Many a bored long-haul flight passenger has asked themselves why the flight path on the map is curved, and if it wouldn’t be faster to just fly straight there. In fact, airlines try very hard to keep their flight paths as straight as possible. It’s just that the rectangular world maps we are accustomed to looking at project the 3-dimensional earth onto a 2-dimensional surface such that any long straight line not directly along the equator or perpendicular to it will appear curved. Making the equator special in this way makes some sense as a default way to draw maps, because of the way the earth spins on its axis, but we can just as easily choose any other straight line path for this treatment, and doing so gives us an interesting perspective on the world and on maps.
The shortest path between two points on a sphere is called the Great Circle track. This is because, paradoxical as it may sound, it lies along the biggest circle you can draw that includes those two points. Let’s take a look at a typical map with an equirectangular projection plotting the Great Circle track from Tokyo to São Paulo, with the midpoint highlighted (hint: it’s above the Great Lakes in North America).
Immediately we notice that this particular map is a terrible fit for this path. To begin with, the path is drawn as a curve, even though it is in reality a straight line, in the sense that if you could walk along it ignoring topography, water and weather, you would never need to turn. Secondly, the true midpoint of this path looks like it’s about two thirds of the way along, so clearly distance isn’t being represented consistently all the way along. And thirdly but perhaps trivially, the path is interrupted by the edge of the map, and wraps around to the other side.
Here is what this map looks like if we change the projection parameters to put our path of interest in prime position, instead of the equator.
The big issues with the first map have been resolved: the path is straight and distance is consistently represented along the path so the midpoint is in the middle of both the path and the map, and we can trace it uninterrupted from left to right. Other than that, however, everything just looks wrong: Africa and the Middle East are enormous and totally distorted, and the Americas look a bit bent out of shape. This is where this reprojection exercise becomes interesting, because it reminds us that this type of distortion is always present in any map projection, it’s just that it’s usually pushed away to the poles, which are of geographic interest to fewer people. This map embodies a different tradeoff by instead pushing much of the distortion as far away as possible from our path of interest.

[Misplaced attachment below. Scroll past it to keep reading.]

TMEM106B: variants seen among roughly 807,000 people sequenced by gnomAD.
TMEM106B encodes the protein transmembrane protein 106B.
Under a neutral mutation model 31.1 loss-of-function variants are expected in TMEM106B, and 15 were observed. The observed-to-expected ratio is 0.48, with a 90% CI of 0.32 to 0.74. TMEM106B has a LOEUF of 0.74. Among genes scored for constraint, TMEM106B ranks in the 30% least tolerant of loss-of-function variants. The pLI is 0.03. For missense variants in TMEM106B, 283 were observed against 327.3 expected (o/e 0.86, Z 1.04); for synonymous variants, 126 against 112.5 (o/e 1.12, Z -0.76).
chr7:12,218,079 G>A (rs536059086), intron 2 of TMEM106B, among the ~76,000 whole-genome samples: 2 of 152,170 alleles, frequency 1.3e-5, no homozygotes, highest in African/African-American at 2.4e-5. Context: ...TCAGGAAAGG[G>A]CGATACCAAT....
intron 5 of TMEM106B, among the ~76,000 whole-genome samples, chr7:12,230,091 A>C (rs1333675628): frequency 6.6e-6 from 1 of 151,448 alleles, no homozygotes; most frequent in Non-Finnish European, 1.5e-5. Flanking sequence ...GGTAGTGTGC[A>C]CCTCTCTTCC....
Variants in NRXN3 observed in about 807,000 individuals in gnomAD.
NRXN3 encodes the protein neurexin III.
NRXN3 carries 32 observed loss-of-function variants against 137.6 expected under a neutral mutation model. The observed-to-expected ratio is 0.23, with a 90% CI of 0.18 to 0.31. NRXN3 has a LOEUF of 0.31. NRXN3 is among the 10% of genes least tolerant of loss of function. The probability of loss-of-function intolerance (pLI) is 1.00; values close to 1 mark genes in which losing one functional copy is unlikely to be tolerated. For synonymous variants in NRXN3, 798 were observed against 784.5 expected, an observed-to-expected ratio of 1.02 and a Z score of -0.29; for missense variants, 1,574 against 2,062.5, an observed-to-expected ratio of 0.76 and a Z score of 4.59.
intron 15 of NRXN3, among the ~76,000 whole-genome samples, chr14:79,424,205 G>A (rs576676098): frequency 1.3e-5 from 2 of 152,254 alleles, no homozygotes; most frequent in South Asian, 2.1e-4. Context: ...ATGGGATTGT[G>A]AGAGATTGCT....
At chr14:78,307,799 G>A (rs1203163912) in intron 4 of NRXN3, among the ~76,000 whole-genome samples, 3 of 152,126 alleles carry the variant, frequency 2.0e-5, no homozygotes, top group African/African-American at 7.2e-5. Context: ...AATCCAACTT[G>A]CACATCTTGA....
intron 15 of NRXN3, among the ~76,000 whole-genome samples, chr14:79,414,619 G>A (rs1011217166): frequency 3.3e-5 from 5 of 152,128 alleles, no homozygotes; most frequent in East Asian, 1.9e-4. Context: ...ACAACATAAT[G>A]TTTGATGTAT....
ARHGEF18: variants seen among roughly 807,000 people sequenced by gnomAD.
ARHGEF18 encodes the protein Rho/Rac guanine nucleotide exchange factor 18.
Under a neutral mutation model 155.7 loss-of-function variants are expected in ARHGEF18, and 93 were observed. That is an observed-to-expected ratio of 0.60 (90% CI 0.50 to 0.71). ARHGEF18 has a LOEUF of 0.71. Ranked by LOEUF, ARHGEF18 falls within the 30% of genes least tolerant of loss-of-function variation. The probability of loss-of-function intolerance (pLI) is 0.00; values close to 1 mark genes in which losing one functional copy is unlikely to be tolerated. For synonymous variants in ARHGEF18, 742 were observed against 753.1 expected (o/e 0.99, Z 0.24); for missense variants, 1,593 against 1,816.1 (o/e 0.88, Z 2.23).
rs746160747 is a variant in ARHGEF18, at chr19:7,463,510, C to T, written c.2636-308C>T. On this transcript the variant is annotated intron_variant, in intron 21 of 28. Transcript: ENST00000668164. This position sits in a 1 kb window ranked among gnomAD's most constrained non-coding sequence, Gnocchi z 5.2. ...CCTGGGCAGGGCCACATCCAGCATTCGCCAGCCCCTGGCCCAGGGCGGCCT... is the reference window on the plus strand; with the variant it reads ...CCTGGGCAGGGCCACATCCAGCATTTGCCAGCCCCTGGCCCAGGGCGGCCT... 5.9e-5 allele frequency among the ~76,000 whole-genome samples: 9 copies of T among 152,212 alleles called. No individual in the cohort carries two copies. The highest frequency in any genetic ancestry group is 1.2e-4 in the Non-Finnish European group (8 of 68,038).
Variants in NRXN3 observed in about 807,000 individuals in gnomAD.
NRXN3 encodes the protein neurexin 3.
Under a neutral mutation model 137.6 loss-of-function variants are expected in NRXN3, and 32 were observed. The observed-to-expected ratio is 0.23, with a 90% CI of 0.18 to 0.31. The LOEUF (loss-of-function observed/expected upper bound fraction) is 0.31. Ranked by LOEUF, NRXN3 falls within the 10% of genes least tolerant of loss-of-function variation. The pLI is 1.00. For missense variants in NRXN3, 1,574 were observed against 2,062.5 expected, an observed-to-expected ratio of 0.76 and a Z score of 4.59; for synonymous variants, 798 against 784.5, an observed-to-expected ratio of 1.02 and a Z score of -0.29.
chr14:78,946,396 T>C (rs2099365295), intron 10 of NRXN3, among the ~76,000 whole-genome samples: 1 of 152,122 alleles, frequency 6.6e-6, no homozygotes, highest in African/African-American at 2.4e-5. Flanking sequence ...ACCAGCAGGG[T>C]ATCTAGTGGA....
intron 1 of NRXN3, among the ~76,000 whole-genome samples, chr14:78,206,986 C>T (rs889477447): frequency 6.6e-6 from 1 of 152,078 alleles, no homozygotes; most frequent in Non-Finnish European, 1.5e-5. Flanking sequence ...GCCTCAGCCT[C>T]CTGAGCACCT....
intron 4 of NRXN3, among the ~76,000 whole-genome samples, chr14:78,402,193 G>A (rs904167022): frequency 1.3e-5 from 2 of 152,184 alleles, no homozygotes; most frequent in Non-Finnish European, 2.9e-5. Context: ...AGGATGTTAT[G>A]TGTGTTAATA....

This kind of reprojection trick is fairly trivial to do with modern software (the Plotly code I used is available on Github), and yields surprising and interesting maps, but I’m not seriously proposing that it be used in maps on long-haul flights, as I’m sure it wouldn’t result in fewer geography questions than the status quo!
Here are a couple more interesting maps with straightened-out great circles:
Hat tip to Carlos A. Furuti, maker of an excellent site on map projections, and whose page on great circles inspired this post, and thanks to Movable Type Ltd for maintaining a very useful page full of equations for this kind of manipulation.
Update December 2020: while working on my homage to Bertin’s *Semiology of Graphics* this month, I realized that this amazing book basically makes this exact point and some extremely similar maps in an offhanded way. It’s always neat, and humbling, to see one’s ideas anticipated a half century ahead!
Code from this post is up on Github at nicolaskruchten/straight_circles